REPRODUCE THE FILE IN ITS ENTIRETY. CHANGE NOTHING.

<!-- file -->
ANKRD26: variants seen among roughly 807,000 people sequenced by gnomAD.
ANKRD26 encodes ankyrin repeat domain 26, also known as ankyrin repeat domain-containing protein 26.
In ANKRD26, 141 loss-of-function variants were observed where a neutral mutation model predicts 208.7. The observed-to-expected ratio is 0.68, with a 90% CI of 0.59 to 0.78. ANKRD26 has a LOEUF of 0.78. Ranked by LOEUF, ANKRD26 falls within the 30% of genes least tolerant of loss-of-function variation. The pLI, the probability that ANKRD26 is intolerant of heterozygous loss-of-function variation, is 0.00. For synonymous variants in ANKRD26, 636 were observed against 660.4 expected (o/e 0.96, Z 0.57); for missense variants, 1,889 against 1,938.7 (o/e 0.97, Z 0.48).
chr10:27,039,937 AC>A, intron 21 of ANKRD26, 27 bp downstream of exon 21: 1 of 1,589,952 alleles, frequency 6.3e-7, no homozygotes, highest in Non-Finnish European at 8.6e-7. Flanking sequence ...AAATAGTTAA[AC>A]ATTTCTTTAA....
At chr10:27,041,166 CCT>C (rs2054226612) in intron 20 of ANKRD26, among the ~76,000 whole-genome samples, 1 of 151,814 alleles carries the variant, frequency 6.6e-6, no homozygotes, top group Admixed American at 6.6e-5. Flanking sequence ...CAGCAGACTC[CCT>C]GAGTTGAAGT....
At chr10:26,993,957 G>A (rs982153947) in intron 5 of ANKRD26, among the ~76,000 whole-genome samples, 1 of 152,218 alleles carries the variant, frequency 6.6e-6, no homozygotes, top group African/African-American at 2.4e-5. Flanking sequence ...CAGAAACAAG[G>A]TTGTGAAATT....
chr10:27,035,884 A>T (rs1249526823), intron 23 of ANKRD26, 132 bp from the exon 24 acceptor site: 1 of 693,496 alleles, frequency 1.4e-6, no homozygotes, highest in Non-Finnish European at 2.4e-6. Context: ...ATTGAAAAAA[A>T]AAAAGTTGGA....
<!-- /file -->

ANKRD26: variants seen among roughly 807,000 people sequenced by gnomAD.
ANKRD26 encodes ankyrin repeat domain 26, also known as ankyrin repeat domain-containing protein 26.
In ANKRD26, 141 loss-of-function variants were observed where a neutral mutation model predicts 208.7. The observed-to-expected ratio is 0.68, with a 90% CI of 0.59 to 0.78. ANKRD26 has a LOEUF of 0.78. Ranked by LOEUF, ANKRD26 falls within the 30% of genes least tolerant of loss-of-function variation. The pLI, the probability that ANKRD26 is intolerant of heterozygous loss-of-function variation, is 0.00. For synonymous variants in ANKRD26, 636 were observed against 660.4 expected (o/e 0.96, Z 0.57); for missense variants, 1,889 against 1,938.7 (o/e 0.97, Z 0.48).
chr10:27,039,937 AC>A, intron 21 of ANKRD26, 27 bp downstream of exon 21: 1 of 1,589,952 alleles, frequency 6.3e-7, no homozygotes, highest in Non-Finnish European at 8.6e-7. Flanking sequence ...AAATAGTTAA[AC>A]ATTTCTTTAA....
At chr10:27,041,166 CCT>C (rs2054226612) in intron 20 of ANKRD26, among the ~76,000 whole-genome samples, 1 of 151,814 alleles carries the variant, frequency 6.6e-6, no homozygotes, top group Admixed American at 6.6e-5. Flanking sequence ...CAGCAGACTC[CCT>C]GAGTTGAAGT....
At chr10:26,993,957 G>A (rs982153947) in intron 5 of ANKRD26, among the ~76,000 whole-genome samples, 1 of 152,218 alleles carries the variant, frequency 6.6e-6, no homozygotes, top group African/African-American at 2.4e-5. Flanking sequence ...CAGAAACAAG[G>A]TTGTGAAATT....
chr10:27,035,884 A>T (rs1249526823), intron 23 of ANKRD26, 132 bp from the exon 24 acceptor site: 1 of 693,496 alleles, frequency 1.4e-6, no homozygotes, highest in Non-Finnish European at 2.4e-6. Context: ...ATTGAAAAAA[A>T]AAAAGTTGGA....